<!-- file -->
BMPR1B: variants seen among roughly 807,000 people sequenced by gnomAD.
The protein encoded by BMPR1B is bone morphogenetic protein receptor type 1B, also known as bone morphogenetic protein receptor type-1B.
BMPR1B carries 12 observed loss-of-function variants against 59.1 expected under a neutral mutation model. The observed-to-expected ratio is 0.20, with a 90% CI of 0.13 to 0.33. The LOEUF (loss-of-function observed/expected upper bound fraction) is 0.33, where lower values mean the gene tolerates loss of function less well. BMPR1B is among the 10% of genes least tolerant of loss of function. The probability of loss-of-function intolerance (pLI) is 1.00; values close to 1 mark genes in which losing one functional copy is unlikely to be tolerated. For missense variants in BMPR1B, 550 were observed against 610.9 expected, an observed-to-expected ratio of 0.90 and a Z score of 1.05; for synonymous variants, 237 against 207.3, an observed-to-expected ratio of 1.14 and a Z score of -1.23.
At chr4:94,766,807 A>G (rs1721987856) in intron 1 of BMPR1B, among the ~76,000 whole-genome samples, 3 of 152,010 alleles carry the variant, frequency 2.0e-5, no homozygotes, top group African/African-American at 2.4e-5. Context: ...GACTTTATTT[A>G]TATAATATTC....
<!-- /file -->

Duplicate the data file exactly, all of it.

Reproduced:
BMPR1B: variants seen among roughly 807,000 people sequenced by gnomAD.
The protein encoded by BMPR1B is bone morphogenetic protein receptor type 1B, also known as bone morphogenetic protein receptor type-1B.
BMPR1B carries 12 observed loss-of-function variants against 59.1 expected under a neutral mutation model. The observed-to-expected ratio is 0.20, with a 90% CI of 0.13 to 0.33. The LOEUF (loss-of-function observed/expected upper bound fraction) is 0.33, where lower values mean the gene tolerates loss of function less well. BMPR1B is among the 10% of genes least tolerant of loss of function. The probability of loss-of-function intolerance (pLI) is 1.00; values close to 1 mark genes in which losing one functional copy is unlikely to be tolerated. For missense variants in BMPR1B, 550 were observed against 610.9 expected, an observed-to-expected ratio of 0.90 and a Z score of 1.05; for synonymous variants, 237 against 207.3, an observed-to-expected ratio of 1.14 and a Z score of -1.23.
At chr4:94,766,807 A>G (rs1721987856) in intron 1 of BMPR1B, among the ~76,000 whole-genome samples, 3 of 152,010 alleles carry the variant, frequency 2.0e-5, no homozygotes, top group African/African-American at 2.4e-5. Context: ...GACTTTATTT[A>G]TATAATATTC....